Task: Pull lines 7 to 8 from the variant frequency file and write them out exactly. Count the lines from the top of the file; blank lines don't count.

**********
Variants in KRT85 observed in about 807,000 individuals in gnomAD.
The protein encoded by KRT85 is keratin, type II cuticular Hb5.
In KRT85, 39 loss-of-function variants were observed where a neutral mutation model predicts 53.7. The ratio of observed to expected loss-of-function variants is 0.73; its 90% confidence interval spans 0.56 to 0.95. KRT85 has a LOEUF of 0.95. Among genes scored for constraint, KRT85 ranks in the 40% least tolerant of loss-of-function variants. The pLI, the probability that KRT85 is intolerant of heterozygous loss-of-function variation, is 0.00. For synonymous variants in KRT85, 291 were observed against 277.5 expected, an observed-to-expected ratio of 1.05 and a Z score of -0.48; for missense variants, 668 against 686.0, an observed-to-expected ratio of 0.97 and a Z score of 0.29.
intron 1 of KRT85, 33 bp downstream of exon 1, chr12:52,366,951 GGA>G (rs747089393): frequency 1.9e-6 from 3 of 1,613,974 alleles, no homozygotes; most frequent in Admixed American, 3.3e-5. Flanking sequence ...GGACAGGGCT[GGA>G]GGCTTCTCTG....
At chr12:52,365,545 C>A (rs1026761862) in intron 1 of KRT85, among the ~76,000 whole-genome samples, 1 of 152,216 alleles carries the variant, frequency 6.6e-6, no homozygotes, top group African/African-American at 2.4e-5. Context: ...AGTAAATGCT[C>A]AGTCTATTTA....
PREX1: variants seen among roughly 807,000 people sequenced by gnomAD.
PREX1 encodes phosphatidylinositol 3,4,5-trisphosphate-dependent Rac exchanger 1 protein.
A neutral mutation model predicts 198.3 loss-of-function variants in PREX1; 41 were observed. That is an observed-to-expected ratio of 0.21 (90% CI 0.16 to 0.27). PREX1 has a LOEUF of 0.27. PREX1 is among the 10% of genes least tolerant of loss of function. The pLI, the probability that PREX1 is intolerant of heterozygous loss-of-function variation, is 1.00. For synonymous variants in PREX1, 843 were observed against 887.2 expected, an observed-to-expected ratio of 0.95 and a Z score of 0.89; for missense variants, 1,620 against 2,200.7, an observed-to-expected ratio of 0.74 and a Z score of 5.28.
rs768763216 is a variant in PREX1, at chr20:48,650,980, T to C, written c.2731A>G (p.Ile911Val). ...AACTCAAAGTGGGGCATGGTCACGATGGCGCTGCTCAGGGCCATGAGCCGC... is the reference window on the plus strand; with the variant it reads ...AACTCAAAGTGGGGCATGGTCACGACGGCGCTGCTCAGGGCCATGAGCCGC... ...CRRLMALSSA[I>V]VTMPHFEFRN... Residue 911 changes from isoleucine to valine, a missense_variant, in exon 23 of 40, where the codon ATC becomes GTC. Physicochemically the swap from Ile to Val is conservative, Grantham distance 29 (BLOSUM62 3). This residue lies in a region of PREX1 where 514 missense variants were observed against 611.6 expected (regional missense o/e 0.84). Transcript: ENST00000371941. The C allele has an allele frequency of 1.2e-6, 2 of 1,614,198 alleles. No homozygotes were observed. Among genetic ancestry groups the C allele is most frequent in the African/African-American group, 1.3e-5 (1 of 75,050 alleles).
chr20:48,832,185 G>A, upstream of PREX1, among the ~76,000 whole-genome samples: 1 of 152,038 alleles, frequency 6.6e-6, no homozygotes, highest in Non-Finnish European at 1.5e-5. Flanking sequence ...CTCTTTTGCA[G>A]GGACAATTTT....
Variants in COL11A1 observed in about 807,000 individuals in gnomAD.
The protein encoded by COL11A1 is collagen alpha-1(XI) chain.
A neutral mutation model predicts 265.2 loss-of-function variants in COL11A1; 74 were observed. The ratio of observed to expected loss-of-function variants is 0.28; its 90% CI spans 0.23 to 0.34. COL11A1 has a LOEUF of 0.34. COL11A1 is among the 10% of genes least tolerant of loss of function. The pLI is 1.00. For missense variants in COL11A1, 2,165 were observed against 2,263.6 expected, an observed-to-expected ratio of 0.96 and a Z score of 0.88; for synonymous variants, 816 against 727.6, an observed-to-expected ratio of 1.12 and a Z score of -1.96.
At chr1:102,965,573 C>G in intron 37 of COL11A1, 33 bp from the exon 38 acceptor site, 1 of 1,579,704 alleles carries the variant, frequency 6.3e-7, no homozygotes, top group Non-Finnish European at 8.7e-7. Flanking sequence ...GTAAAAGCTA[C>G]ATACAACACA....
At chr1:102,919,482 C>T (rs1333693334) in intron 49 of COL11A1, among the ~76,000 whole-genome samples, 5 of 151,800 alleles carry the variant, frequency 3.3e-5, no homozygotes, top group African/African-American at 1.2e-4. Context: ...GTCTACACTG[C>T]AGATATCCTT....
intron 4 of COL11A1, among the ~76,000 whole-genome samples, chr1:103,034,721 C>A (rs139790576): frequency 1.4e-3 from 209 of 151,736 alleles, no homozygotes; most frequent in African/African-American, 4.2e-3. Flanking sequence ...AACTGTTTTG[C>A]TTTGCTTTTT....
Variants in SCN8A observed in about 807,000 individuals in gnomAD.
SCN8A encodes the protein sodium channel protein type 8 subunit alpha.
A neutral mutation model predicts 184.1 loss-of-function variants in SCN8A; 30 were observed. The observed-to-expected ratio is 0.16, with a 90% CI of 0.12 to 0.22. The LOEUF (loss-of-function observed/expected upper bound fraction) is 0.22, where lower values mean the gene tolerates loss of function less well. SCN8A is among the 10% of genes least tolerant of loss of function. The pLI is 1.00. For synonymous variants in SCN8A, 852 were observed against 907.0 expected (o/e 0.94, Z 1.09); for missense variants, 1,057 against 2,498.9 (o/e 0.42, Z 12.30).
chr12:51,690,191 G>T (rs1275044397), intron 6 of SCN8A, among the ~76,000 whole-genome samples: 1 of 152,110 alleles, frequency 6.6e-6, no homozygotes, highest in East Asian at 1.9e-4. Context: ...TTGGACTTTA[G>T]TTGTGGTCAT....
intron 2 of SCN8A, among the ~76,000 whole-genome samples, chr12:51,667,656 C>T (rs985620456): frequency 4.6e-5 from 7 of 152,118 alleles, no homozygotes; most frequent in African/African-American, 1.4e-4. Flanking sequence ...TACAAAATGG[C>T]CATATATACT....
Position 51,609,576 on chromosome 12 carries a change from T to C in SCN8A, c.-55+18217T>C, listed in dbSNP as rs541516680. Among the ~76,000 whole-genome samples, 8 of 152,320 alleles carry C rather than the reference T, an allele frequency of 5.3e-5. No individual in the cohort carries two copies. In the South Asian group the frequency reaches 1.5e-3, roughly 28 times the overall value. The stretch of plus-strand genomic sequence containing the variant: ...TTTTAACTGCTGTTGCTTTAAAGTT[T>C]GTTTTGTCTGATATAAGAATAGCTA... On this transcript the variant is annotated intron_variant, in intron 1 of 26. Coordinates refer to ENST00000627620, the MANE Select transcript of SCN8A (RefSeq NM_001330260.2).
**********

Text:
PREX1 encodes phosphatidylinositol 3,4,5-trisphosphate-dependent Rac exchanger 1 protein.
A neutral mutation model predicts 198.3 loss-of-function variants in PREX1; 41 were observed. That is an observed-to-expected ratio of 0.21 (90% CI 0.16 to 0.27). PREX1 has a LOEUF of 0.27. PREX1 is among the 10% of genes least tolerant of loss of function. The pLI, the probability that PREX1 is intolerant of heterozygous loss-of-function variation, is 1.00. For synonymous variants in PREX1, 843 were observed against 887.2 expected, an observed-to-expected ratio of 0.95 and a Z score of 0.89; for missense variants, 1,620 against 2,200.7, an observed-to-expected ratio of 0.74 and a Z score of 5.28.